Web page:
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12/16/2011 12:59:30 AM
(Written by Rebecca Lipman. ROE data sourced from Google Finance. All other data sourced from Finviz.)
According to a report from the Commerce Department, US retail sales rose less than expected in November, bruising assurances of a strong shopping season. Some retailers were hit worse than others thanks to some heavy price slashing that cut into profit margins.
Best Buy is one such company who may have laid the discounts on a little too thick… The company’s quarterly profits missed Wall Street Estimates prompting shares to drop 11% on the news.
November retail sales only grew by just 0.2%, missing economists’ expectation of 0.6% growth.
CNBC reports retailers are seeing sales dry up halfway through the holiday sales period, according to a consumer survey completed Sunday.
To keep sales up retailers may continue piling on the discounts. “The trend may force discounts as deep as 70 percent on coats and flat panel TVs as Christmas Eve approaches.”
If heavy price cutting is the best tactic for sales, Reuters argues that it poses a “worrisome longer-term scenario for Best Buy and other brick-and-mortar chains with massive investments in infrastructure and major efforts to increase the service side of the business.”
In that sense, brick-and-mortar chains face fierce competition from online retailers like Amazon.com (AMZN) who don’t worry too much about infrastructure investments, or big discounters like Wal-Mart (WMT) and Target (TGT). that have a business model centered around low profit margin goods.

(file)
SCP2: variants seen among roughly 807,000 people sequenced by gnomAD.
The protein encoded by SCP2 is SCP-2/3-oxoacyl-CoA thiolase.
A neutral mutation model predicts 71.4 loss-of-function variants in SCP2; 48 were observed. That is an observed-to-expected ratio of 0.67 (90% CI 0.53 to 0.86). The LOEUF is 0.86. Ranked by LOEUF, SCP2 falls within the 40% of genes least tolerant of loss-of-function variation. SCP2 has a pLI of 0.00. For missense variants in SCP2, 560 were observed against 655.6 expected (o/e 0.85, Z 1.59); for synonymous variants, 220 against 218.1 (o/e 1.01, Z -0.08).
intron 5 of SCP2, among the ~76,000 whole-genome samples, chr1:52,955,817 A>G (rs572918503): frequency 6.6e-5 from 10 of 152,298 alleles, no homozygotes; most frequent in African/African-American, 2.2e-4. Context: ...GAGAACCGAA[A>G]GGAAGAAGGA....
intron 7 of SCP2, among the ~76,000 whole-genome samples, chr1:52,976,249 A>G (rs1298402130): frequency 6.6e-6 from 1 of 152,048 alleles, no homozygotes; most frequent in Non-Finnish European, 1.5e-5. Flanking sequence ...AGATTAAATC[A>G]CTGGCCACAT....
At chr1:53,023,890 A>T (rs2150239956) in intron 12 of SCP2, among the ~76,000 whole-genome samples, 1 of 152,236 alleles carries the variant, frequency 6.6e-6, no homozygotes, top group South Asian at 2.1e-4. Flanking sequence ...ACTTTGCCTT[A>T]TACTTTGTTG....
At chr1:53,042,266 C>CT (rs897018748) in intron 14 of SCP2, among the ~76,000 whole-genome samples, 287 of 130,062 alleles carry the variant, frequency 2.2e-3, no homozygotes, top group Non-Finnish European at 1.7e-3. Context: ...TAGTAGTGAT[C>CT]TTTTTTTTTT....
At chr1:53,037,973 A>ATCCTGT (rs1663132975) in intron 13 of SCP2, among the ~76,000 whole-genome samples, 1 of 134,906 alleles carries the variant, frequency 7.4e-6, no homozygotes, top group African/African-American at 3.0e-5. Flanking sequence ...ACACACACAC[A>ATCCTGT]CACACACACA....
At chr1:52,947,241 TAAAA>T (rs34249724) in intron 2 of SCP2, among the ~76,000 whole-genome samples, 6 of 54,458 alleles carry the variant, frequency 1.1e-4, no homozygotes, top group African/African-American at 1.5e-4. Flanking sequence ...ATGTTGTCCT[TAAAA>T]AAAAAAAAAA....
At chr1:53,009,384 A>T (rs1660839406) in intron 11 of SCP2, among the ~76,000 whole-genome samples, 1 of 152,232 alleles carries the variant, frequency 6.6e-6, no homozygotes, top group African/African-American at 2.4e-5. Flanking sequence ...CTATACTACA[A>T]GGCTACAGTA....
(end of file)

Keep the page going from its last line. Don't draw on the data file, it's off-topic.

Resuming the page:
More Last Minute Discounts?
It may be hard to believe, but according to the America’s Research Group/UBS Christmas Forecast Survey, 40% of consumers are completely done with their holiday shopping at this point.
“What’s more, only half of consumers hit the malls this last weekend, meaning those that are left are sitting on their hands awaiting bigger mark-offs, the survey showed.”
With less than 12 days left for Santa to begin his delivery route, do you think retailers will give in to consumers’ demand for bigger discounts?
To help you find retailers who might buck the low profit margin trend, we compiled a list of US retail stocks and screened the names for high levels of profitability as determined by the DuPont analysis.
One of analysts’ favorite profitability tools is DuPont analysis. It’s a way to look at changes in return on equity (ROE) profitability [i.e. net income/equity] by attributing those changes to certain sources. Some of the sources are more sustainable than others, thereby giving an analysis of strength in increasing profitability.
DuPont analysis breaks up a company’s ROE into three components: net margin, asset turnover, and leverage. Companies with increasing ROE along with increasing net margin, increasing asset turnover, and decreasing leverage are viewed favorably.
Do you think these retail companies are operating well? Use this list as a starting-off point for your own analysis.
Analyze These Ideas (Tools Will Open In A New Window)